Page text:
My perception of luxury is the same as it always has been: it’s about the emotion that you are able to give to a product through the savoir-faire. Today, we cannot hide, what we share is even more on display thanks to social media, so you must be an open book and to give emotion by being authentic. Mr Dior wrote in his book that through authenticity you can move mountains and you can make miracles happen and that’s what we try to accomplish: to be able to give an emotion to a product, to an event, or to a story we are telling. And customers want to be able to participate and to share the values that you are presenting. It’s not just enough to sell a product, it’s everything that’s around it and it’s the image of the brand that counts.


Today we are in Qatar discovering the latest edition of the Designer of Dreams exhibition – tell me why Qatar was chosen to be the host city and what is unique to this particular edition of the travelling exhibition?

In terms of why Qatar, we owe it to the persistence and vision of Her Excellency Sheikha Al Mayassa Bint Hamad Al Thani, who believed in this exhibition to be shown in Qatar, particularly at this historical moment of the inauguration of the M7 building which is a beautiful cultural hub. Her vision for the country, her courage and her characteristics are similar to what Mr Dior had when he decided to create the company. And of course, we have to support the country and young talents as the country modernises and move towards the future. The event was originally scheduled for 2020 because it was a year of cultural exchange between Qatar and France and of course the pandemic meant that it couldn’t happen last year, but we have come back with a vengeance, and we want to celebrate. And it’s very fitting and relevant in a way: our company was founded after the war and now we are celebrating after this terrible time and there is a return to the energy, we had pre-covid and we wanted to do it in a majestic way.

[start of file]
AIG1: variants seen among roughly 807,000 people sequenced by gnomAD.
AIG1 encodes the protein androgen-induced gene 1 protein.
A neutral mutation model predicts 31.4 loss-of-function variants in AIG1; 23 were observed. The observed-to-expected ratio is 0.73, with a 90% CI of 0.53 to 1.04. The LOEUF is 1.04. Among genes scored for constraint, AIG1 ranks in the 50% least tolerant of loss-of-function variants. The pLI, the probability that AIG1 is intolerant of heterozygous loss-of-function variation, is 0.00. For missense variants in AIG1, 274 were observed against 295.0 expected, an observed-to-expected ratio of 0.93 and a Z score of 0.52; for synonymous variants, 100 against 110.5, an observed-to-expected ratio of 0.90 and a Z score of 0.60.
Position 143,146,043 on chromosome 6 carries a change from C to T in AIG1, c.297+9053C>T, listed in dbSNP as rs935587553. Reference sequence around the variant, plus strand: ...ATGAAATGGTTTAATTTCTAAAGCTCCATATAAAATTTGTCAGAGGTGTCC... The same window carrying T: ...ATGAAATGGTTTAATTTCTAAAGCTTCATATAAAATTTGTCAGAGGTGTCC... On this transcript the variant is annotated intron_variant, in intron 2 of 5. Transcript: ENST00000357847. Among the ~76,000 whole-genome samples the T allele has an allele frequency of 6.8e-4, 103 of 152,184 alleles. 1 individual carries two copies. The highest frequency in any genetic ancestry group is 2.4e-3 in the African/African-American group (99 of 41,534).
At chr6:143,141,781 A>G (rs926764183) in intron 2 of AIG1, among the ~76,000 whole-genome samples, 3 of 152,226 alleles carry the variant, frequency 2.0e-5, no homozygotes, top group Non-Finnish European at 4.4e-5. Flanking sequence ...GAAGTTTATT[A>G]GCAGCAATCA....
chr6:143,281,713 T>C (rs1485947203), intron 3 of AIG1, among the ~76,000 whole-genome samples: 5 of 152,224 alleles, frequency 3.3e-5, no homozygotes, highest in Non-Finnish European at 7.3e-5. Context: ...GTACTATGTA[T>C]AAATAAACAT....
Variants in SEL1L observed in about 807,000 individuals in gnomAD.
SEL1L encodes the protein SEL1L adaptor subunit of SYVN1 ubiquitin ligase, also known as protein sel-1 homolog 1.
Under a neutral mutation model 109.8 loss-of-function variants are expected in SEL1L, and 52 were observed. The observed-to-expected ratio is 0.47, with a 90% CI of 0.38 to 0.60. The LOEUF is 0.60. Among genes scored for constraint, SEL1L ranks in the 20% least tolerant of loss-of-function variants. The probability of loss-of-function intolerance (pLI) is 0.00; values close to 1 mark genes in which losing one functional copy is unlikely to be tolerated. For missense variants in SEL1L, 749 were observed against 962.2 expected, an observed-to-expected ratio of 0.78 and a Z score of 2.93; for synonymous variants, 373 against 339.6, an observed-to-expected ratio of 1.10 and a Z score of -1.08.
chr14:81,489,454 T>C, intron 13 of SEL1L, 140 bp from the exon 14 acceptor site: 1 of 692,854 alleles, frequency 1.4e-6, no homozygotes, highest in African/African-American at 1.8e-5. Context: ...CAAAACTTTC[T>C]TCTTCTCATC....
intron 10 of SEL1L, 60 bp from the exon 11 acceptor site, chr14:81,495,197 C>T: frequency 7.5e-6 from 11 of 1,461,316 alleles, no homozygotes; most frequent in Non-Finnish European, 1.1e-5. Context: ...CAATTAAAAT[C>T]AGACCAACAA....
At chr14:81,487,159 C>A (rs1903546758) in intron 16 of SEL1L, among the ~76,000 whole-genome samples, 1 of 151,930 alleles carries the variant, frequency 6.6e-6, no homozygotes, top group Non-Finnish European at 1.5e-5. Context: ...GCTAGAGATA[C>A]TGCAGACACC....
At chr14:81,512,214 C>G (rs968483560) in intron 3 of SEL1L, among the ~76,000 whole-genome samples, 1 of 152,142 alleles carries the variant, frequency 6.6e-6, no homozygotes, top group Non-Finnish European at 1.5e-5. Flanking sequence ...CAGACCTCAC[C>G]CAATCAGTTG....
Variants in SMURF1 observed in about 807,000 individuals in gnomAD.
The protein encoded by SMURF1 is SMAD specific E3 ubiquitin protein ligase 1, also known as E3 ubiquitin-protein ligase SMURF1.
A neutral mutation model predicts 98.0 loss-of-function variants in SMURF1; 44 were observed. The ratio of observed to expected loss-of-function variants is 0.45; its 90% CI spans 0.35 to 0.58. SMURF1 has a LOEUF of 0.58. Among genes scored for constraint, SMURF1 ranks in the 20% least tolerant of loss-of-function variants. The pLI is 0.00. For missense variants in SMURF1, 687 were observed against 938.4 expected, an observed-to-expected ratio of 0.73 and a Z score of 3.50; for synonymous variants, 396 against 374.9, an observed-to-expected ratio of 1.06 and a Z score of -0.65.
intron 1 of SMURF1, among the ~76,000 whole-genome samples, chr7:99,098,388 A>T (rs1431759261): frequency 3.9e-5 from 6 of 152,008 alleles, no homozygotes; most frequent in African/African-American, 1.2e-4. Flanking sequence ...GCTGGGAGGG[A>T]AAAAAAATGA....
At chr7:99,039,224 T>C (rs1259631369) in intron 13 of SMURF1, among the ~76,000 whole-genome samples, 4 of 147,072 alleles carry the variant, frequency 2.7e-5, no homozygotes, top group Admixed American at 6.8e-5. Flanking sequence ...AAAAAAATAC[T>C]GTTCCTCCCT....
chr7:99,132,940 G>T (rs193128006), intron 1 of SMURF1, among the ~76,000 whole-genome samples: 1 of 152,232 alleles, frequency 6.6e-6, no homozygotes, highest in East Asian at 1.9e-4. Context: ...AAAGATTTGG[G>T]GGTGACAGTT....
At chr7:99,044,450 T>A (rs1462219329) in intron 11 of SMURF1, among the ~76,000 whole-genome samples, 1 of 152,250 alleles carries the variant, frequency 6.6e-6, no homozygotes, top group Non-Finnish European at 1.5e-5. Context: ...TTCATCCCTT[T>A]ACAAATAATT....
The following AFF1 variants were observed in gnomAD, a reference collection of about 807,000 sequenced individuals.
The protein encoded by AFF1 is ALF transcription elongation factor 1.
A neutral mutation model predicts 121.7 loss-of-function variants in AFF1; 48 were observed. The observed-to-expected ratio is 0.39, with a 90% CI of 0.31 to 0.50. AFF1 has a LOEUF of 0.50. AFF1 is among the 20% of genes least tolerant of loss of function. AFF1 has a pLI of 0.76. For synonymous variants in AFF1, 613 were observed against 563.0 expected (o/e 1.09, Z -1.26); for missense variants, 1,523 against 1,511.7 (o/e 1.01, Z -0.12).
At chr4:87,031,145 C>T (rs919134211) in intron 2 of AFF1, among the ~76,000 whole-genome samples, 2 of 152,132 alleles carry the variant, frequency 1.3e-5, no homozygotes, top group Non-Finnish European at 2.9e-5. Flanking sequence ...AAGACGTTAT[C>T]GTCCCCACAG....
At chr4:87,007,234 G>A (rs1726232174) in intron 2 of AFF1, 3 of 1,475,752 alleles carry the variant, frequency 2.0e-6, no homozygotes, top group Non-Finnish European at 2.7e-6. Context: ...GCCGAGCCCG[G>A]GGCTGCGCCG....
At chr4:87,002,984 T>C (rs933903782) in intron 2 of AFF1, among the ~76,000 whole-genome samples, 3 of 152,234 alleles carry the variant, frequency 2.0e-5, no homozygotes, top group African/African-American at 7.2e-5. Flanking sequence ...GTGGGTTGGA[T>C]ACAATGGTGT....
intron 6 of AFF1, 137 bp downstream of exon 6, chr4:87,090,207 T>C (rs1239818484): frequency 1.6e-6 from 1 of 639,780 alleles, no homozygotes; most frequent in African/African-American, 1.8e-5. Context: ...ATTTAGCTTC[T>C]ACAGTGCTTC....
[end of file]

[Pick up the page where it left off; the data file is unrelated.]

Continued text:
Secondly, there are some personal pieces belonging to Her Highness Sheikha Moza bint Nasser on display that she generously contributed and there are some inspirations of embroideries that Mr Dior and his successors utilised during their shows, so there is a dialogue between the Arabic world and the history of Dior.


Christian Dior Designer of Dreams exhibition at M7 in Doha © DANIEL SIMS


What is in the pipeline for Dior in the Middle East and on a global level?

There are lots of store openings happening – yesterday we visited a new fantastic store in Doha that will open at the beginning of next year at Place Vendôme, a new part of the city. It’s a large store, so it’s a big challenge. And then we have several other stores opening – in Saudi Arabia, in Bahrain – so we are investing a lot in the region, we believe in the region, and we are very close to being the number one brand in the Middle East. It’s not a competition but it is nice to be the leader, so therefore leadership in the region is our objective and we are not that far off. Dior is loved in the Middle East, and we feel a lot of love for the brand so it is a pleasure to be back in the region. We have continued investing here and this exhibition is also a testimony of our commitment to the region.


What is a major milestone you have achieved since joining the brand and what is something you still aspire to do that you haven’t done yet at Dior?

The major milestone is that we achieved our five-year objectives in a much shorter time expected and personally I am very proud that, along with a fantastic team of people, we were able to grow during the COVID pandemic. Not only did we achieve our objectives we did it during the year of COVID and that is a huge milestone. In terms of what I still want to accomplish I would say the opening of Avenue Montaigne is a major milestone and I think Dior after this opening will be a different Dior and that says it all.


What is a message that you would like to give to your fans and clients in the Middle East?

As I said, we are dedicated to the region. We kept investing even during a very difficult year and we are very happy to have done so. We keep developing our products for the world, but for the Middle East but we have paid particular attention to our capsule collections. We will have a new collection for Ramadan next year and we have products that are specially dedicated to the region, and I invite your readers to go to the stores and discover. I think this is a symbol of our love for The Middle East.